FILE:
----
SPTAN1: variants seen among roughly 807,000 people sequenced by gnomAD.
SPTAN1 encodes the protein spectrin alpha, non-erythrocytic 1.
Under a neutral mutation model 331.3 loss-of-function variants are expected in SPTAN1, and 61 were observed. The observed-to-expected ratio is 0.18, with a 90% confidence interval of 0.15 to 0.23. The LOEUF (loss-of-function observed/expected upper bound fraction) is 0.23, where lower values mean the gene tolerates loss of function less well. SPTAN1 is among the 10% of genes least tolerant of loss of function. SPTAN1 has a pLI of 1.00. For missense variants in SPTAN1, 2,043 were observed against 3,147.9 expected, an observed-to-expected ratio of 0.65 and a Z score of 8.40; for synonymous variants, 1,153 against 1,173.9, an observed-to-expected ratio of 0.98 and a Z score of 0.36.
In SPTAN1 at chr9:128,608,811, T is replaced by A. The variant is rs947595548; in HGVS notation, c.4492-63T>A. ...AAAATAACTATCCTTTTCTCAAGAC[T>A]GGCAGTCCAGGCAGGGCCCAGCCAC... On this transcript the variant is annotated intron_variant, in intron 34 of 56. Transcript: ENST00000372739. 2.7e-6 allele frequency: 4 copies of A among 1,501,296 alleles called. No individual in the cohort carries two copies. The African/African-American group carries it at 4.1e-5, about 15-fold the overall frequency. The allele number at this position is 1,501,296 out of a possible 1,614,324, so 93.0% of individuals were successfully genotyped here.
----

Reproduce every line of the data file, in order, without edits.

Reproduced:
SPTAN1: variants seen among roughly 807,000 people sequenced by gnomAD.
SPTAN1 encodes the protein spectrin alpha, non-erythrocytic 1.
Under a neutral mutation model 331.3 loss-of-function variants are expected in SPTAN1, and 61 were observed. The observed-to-expected ratio is 0.18, with a 90% confidence interval of 0.15 to 0.23. The LOEUF (loss-of-function observed/expected upper bound fraction) is 0.23, where lower values mean the gene tolerates loss of function less well. SPTAN1 is among the 10% of genes least tolerant of loss of function. SPTAN1 has a pLI of 1.00. For missense variants in SPTAN1, 2,043 were observed against 3,147.9 expected, an observed-to-expected ratio of 0.65 and a Z score of 8.40; for synonymous variants, 1,153 against 1,173.9, an observed-to-expected ratio of 0.98 and a Z score of 0.36.
In SPTAN1 at chr9:128,608,811, T is replaced by A. The variant is rs947595548; in HGVS notation, c.4492-63T>A. ...AAAATAACTATCCTTTTCTCAAGAC[T>A]GGCAGTCCAGGCAGGGCCCAGCCAC... On this transcript the variant is annotated intron_variant, in intron 34 of 56. Transcript: ENST00000372739. 2.7e-6 allele frequency: 4 copies of A among 1,501,296 alleles called. No individual in the cohort carries two copies. The African/African-American group carries it at 4.1e-5, about 15-fold the overall frequency. The allele number at this position is 1,501,296 out of a possible 1,614,324, so 93.0% of individuals were successfully genotyped here.